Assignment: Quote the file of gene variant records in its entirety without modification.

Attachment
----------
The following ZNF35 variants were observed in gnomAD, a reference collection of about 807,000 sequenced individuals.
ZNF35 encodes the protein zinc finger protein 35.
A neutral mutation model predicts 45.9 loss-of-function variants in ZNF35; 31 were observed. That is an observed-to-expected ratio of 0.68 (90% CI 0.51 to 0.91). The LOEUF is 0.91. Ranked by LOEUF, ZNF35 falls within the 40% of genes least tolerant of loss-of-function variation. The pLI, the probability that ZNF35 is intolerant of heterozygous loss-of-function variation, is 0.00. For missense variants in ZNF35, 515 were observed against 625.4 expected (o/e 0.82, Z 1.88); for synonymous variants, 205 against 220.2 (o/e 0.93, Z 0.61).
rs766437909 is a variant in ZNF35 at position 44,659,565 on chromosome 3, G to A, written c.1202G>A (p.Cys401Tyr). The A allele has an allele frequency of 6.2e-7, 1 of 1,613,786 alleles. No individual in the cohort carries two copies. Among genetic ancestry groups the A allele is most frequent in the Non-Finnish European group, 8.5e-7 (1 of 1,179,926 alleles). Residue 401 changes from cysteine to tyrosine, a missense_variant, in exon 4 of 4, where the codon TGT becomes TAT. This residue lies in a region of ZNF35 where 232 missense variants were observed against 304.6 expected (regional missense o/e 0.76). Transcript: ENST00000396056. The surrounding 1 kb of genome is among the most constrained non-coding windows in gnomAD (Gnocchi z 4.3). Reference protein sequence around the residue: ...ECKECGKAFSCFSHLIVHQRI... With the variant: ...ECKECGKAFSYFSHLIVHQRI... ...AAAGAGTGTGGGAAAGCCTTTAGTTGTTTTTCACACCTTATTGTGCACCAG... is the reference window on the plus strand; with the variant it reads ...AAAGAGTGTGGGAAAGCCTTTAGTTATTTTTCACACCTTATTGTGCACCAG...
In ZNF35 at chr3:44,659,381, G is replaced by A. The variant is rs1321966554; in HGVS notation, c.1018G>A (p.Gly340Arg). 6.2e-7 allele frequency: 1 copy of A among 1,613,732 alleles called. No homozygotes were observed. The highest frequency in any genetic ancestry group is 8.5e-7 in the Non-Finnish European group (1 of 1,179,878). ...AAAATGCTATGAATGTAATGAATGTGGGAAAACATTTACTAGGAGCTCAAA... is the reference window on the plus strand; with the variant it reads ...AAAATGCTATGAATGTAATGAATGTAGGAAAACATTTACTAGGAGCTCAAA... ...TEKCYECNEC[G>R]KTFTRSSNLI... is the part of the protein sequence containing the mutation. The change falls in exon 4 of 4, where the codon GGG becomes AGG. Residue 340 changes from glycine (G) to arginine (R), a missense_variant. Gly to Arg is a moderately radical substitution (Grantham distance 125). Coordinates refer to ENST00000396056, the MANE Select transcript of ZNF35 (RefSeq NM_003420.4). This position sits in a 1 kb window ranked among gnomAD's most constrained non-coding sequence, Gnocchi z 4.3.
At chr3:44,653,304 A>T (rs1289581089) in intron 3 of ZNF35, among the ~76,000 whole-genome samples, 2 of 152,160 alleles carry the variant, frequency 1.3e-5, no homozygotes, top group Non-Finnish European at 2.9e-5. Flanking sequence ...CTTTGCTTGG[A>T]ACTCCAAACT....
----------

The following ZNF35 variants were observed in gnomAD, a reference collection of about 807,000 sequenced individuals.
ZNF35 encodes the protein zinc finger protein 35.
A neutral mutation model predicts 45.9 loss-of-function variants in ZNF35; 31 were observed. That is an observed-to-expected ratio of 0.68 (90% CI 0.51 to 0.91). The LOEUF is 0.91. Ranked by LOEUF, ZNF35 falls within the 40% of genes least tolerant of loss-of-function variation. The pLI, the probability that ZNF35 is intolerant of heterozygous loss-of-function variation, is 0.00. For missense variants in ZNF35, 515 were observed against 625.4 expected (o/e 0.82, Z 1.88); for synonymous variants, 205 against 220.2 (o/e 0.93, Z 0.61).
rs766437909 is a variant in ZNF35 at position 44,659,565 on chromosome 3, G to A, written c.1202G>A (p.Cys401Tyr). The A allele has an allele frequency of 6.2e-7, 1 of 1,613,786 alleles. No individual in the cohort carries two copies. Among genetic ancestry groups the A allele is most frequent in the Non-Finnish European group, 8.5e-7 (1 of 1,179,926 alleles). Residue 401 changes from cysteine to tyrosine, a missense_variant, in exon 4 of 4, where the codon TGT becomes TAT. This residue lies in a region of ZNF35 where 232 missense variants were observed against 304.6 expected (regional missense o/e 0.76). Transcript: ENST00000396056. The surrounding 1 kb of genome is among the most constrained non-coding windows in gnomAD (Gnocchi z 4.3). Reference protein sequence around the residue: ...ECKECGKAFSCFSHLIVHQRI... With the variant: ...ECKECGKAFSYFSHLIVHQRI... ...AAAGAGTGTGGGAAAGCCTTTAGTTGTTTTTCACACCTTATTGTGCACCAG... is the reference window on the plus strand; with the variant it reads ...AAAGAGTGTGGGAAAGCCTTTAGTTATTTTTCACACCTTATTGTGCACCAG...
In ZNF35 at chr3:44,659,381, G is replaced by A. The variant is rs1321966554; in HGVS notation, c.1018G>A (p.Gly340Arg). 6.2e-7 allele frequency: 1 copy of A among 1,613,732 alleles called. No homozygotes were observed. The highest frequency in any genetic ancestry group is 8.5e-7 in the Non-Finnish European group (1 of 1,179,878). ...AAAATGCTATGAATGTAATGAATGTGGGAAAACATTTACTAGGAGCTCAAA... is the reference window on the plus strand; with the variant it reads ...AAAATGCTATGAATGTAATGAATGTAGGAAAACATTTACTAGGAGCTCAAA... ...TEKCYECNEC[G>R]KTFTRSSNLI... is the part of the protein sequence containing the mutation. The change falls in exon 4 of 4, where the codon GGG becomes AGG. Residue 340 changes from glycine (G) to arginine (R), a missense_variant. Gly to Arg is a moderately radical substitution (Grantham distance 125). Coordinates refer to ENST00000396056, the MANE Select transcript of ZNF35 (RefSeq NM_003420.4). This position sits in a 1 kb window ranked among gnomAD's most constrained non-coding sequence, Gnocchi z 4.3.
At chr3:44,653,304 A>T (rs1289581089) in intron 3 of ZNF35, among the ~76,000 whole-genome samples, 2 of 152,160 alleles carry the variant, frequency 1.3e-5, no homozygotes, top group Non-Finnish European at 2.9e-5. Flanking sequence ...CTTTGCTTGG[A>T]ACTCCAAACT....